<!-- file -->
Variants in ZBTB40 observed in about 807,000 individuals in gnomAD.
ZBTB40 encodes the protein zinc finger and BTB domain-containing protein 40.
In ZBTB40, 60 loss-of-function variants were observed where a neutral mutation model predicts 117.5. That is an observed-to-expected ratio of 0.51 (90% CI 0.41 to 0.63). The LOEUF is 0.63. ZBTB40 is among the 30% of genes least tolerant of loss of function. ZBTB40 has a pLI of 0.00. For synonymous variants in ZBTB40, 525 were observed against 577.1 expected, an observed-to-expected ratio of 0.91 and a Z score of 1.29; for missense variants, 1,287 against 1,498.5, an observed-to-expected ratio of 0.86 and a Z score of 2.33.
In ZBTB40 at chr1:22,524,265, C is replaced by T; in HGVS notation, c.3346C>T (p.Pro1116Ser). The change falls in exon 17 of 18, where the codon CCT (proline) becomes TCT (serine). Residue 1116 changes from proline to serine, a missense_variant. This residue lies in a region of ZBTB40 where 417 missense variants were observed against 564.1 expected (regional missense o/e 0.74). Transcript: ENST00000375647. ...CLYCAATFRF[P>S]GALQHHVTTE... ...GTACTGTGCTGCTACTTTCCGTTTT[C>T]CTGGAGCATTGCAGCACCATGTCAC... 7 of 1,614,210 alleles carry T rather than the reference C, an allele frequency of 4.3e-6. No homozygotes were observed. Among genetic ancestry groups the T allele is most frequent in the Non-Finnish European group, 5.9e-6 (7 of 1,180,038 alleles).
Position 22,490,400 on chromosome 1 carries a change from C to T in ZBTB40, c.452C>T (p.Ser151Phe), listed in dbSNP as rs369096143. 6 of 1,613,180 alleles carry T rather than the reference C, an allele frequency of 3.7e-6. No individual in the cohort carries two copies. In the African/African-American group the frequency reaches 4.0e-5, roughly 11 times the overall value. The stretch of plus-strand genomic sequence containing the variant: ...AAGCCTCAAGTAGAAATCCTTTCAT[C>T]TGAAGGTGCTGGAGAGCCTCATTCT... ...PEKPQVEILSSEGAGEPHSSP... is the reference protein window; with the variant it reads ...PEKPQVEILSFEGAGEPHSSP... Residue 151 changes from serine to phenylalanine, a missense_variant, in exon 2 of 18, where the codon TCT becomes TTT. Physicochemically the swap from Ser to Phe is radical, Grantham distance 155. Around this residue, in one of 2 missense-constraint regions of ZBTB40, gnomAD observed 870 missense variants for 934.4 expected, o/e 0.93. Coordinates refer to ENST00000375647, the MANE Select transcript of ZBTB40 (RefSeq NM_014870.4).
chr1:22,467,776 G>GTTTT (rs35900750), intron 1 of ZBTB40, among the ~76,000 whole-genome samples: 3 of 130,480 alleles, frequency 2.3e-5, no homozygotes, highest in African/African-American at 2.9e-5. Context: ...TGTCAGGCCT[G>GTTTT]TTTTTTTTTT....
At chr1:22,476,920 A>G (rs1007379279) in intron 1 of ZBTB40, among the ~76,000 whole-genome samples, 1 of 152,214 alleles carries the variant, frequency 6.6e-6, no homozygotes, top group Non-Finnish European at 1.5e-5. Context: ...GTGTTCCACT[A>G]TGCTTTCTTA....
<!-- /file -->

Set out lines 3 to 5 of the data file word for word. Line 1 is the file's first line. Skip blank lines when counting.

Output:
In ZBTB40, 60 loss-of-function variants were observed where a neutral mutation model predicts 117.5. That is an observed-to-expected ratio of 0.51 (90% CI 0.41 to 0.63). The LOEUF is 0.63. ZBTB40 is among the 30% of genes least tolerant of loss of function. ZBTB40 has a pLI of 0.00. For synonymous variants in ZBTB40, 525 were observed against 577.1 expected, an observed-to-expected ratio of 0.91 and a Z score of 1.29; for missense variants, 1,287 against 1,498.5, an observed-to-expected ratio of 0.86 and a Z score of 2.33.
In ZBTB40 at chr1:22,524,265, C is replaced by T; in HGVS notation, c.3346C>T (p.Pro1116Ser). The change falls in exon 17 of 18, where the codon CCT (proline) becomes TCT (serine). Residue 1116 changes from proline to serine, a missense_variant. This residue lies in a region of ZBTB40 where 417 missense variants were observed against 564.1 expected (regional missense o/e 0.74). Transcript: ENST00000375647. ...CLYCAATFRF[P>S]GALQHHVTTE... ...GTACTGTGCTGCTACTTTCCGTTTT[C>T]CTGGAGCATTGCAGCACCATGTCAC... 7 of 1,614,210 alleles carry T rather than the reference C, an allele frequency of 4.3e-6. No homozygotes were observed. Among genetic ancestry groups the T allele is most frequent in the Non-Finnish European group, 5.9e-6 (7 of 1,180,038 alleles).
Position 22,490,400 on chromosome 1 carries a change from C to T in ZBTB40, c.452C>T (p.Ser151Phe), listed in dbSNP as rs369096143. 6 of 1,613,180 alleles carry T rather than the reference C, an allele frequency of 3.7e-6. No individual in the cohort carries two copies. In the African/African-American group the frequency reaches 4.0e-5, roughly 11 times the overall value. The stretch of plus-strand genomic sequence containing the variant: ...AAGCCTCAAGTAGAAATCCTTTCAT[C>T]TGAAGGTGCTGGAGAGCCTCATTCT... ...PEKPQVEILSSEGAGEPHSSP... is the reference protein window; with the variant it reads ...PEKPQVEILSFEGAGEPHSSP... Residue 151 changes from serine to phenylalanine, a missense_variant, in exon 2 of 18, where the codon TCT becomes TTT. Physicochemically the swap from Ser to Phe is radical, Grantham distance 155. Around this residue, in one of 2 missense-constraint regions of ZBTB40, gnomAD observed 870 missense variants for 934.4 expected, o/e 0.93. Coordinates refer to ENST00000375647, the MANE Select transcript of ZBTB40 (RefSeq NM_014870.4).